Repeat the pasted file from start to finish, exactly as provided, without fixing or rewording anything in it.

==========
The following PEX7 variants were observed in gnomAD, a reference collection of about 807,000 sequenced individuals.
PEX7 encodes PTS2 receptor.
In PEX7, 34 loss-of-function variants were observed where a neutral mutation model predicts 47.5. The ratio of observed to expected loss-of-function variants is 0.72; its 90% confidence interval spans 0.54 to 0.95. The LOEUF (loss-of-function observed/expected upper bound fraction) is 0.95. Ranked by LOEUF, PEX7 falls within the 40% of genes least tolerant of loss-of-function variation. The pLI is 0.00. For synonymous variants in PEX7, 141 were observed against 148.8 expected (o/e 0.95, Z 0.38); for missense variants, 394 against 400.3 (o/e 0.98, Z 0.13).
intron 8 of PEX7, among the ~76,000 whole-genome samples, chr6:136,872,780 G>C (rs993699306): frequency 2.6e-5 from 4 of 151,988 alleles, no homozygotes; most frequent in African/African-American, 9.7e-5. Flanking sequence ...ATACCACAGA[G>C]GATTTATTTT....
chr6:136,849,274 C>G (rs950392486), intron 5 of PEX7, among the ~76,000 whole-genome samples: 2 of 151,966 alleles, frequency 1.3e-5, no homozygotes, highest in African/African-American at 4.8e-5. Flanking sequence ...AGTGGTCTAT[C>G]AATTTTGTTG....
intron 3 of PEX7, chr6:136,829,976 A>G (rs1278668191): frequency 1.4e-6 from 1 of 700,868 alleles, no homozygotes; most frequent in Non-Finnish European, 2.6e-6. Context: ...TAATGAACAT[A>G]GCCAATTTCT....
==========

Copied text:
The following PEX7 variants were observed in gnomAD, a reference collection of about 807,000 sequenced individuals.
PEX7 encodes PTS2 receptor.
In PEX7, 34 loss-of-function variants were observed where a neutral mutation model predicts 47.5. The ratio of observed to expected loss-of-function variants is 0.72; its 90% confidence interval spans 0.54 to 0.95. The LOEUF (loss-of-function observed/expected upper bound fraction) is 0.95. Ranked by LOEUF, PEX7 falls within the 40% of genes least tolerant of loss-of-function variation. The pLI is 0.00. For synonymous variants in PEX7, 141 were observed against 148.8 expected (o/e 0.95, Z 0.38); for missense variants, 394 against 400.3 (o/e 0.98, Z 0.13).
intron 8 of PEX7, among the ~76,000 whole-genome samples, chr6:136,872,780 G>C (rs993699306): frequency 2.6e-5 from 4 of 151,988 alleles, no homozygotes; most frequent in African/African-American, 9.7e-5. Flanking sequence ...ATACCACAGA[G>C]GATTTATTTT....
chr6:136,849,274 C>G (rs950392486), intron 5 of PEX7, among the ~76,000 whole-genome samples: 2 of 151,966 alleles, frequency 1.3e-5, no homozygotes, highest in African/African-American at 4.8e-5. Flanking sequence ...AGTGGTCTAT[C>G]AATTTTGTTG....
intron 3 of PEX7, chr6:136,829,976 A>G (rs1278668191): frequency 1.4e-6 from 1 of 700,868 alleles, no homozygotes; most frequent in Non-Finnish European, 2.6e-6. Context: ...TAATGAACAT[A>G]GCCAATTTCT....